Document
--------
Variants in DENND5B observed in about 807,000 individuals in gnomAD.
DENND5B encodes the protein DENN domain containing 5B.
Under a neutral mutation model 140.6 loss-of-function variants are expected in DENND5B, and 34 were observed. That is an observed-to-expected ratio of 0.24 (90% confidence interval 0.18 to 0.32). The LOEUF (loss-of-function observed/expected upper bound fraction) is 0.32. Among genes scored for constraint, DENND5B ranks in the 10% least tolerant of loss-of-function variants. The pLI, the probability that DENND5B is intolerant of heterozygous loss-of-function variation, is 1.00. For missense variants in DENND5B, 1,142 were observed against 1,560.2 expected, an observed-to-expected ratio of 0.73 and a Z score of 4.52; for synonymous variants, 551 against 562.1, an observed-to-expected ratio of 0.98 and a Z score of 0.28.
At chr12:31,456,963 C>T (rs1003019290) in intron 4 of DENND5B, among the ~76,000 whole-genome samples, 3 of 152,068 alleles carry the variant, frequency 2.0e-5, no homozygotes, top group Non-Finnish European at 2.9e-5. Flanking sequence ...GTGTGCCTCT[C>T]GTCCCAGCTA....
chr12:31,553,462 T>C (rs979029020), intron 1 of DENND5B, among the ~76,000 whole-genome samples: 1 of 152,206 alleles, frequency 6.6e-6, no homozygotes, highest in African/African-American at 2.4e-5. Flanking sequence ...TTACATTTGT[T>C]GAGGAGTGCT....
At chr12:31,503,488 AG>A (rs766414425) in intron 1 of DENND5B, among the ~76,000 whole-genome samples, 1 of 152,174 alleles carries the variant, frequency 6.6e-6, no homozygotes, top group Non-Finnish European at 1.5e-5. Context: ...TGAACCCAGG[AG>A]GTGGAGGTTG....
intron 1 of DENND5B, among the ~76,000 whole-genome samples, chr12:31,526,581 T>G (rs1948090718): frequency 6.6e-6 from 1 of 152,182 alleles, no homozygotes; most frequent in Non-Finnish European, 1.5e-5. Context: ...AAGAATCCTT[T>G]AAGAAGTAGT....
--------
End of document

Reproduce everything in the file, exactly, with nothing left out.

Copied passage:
Variants in DENND5B observed in about 807,000 individuals in gnomAD.
DENND5B encodes the protein DENN domain containing 5B.
Under a neutral mutation model 140.6 loss-of-function variants are expected in DENND5B, and 34 were observed. That is an observed-to-expected ratio of 0.24 (90% confidence interval 0.18 to 0.32). The LOEUF (loss-of-function observed/expected upper bound fraction) is 0.32. Among genes scored for constraint, DENND5B ranks in the 10% least tolerant of loss-of-function variants. The pLI, the probability that DENND5B is intolerant of heterozygous loss-of-function variation, is 1.00. For missense variants in DENND5B, 1,142 were observed against 1,560.2 expected, an observed-to-expected ratio of 0.73 and a Z score of 4.52; for synonymous variants, 551 against 562.1, an observed-to-expected ratio of 0.98 and a Z score of 0.28.
At chr12:31,456,963 C>T (rs1003019290) in intron 4 of DENND5B, among the ~76,000 whole-genome samples, 3 of 152,068 alleles carry the variant, frequency 2.0e-5, no homozygotes, top group Non-Finnish European at 2.9e-5. Flanking sequence ...GTGTGCCTCT[C>T]GTCCCAGCTA....
chr12:31,553,462 T>C (rs979029020), intron 1 of DENND5B, among the ~76,000 whole-genome samples: 1 of 152,206 alleles, frequency 6.6e-6, no homozygotes, highest in African/African-American at 2.4e-5. Flanking sequence ...TTACATTTGT[T>C]GAGGAGTGCT....
At chr12:31,503,488 AG>A (rs766414425) in intron 1 of DENND5B, among the ~76,000 whole-genome samples, 1 of 152,174 alleles carries the variant, frequency 6.6e-6, no homozygotes, top group Non-Finnish European at 1.5e-5. Context: ...TGAACCCAGG[AG>A]GTGGAGGTTG....
intron 1 of DENND5B, among the ~76,000 whole-genome samples, chr12:31,526,581 T>G (rs1948090718): frequency 6.6e-6 from 1 of 152,182 alleles, no homozygotes; most frequent in Non-Finnish European, 1.5e-5. Context: ...AAGAATCCTT[T>G]AAGAAGTAGT....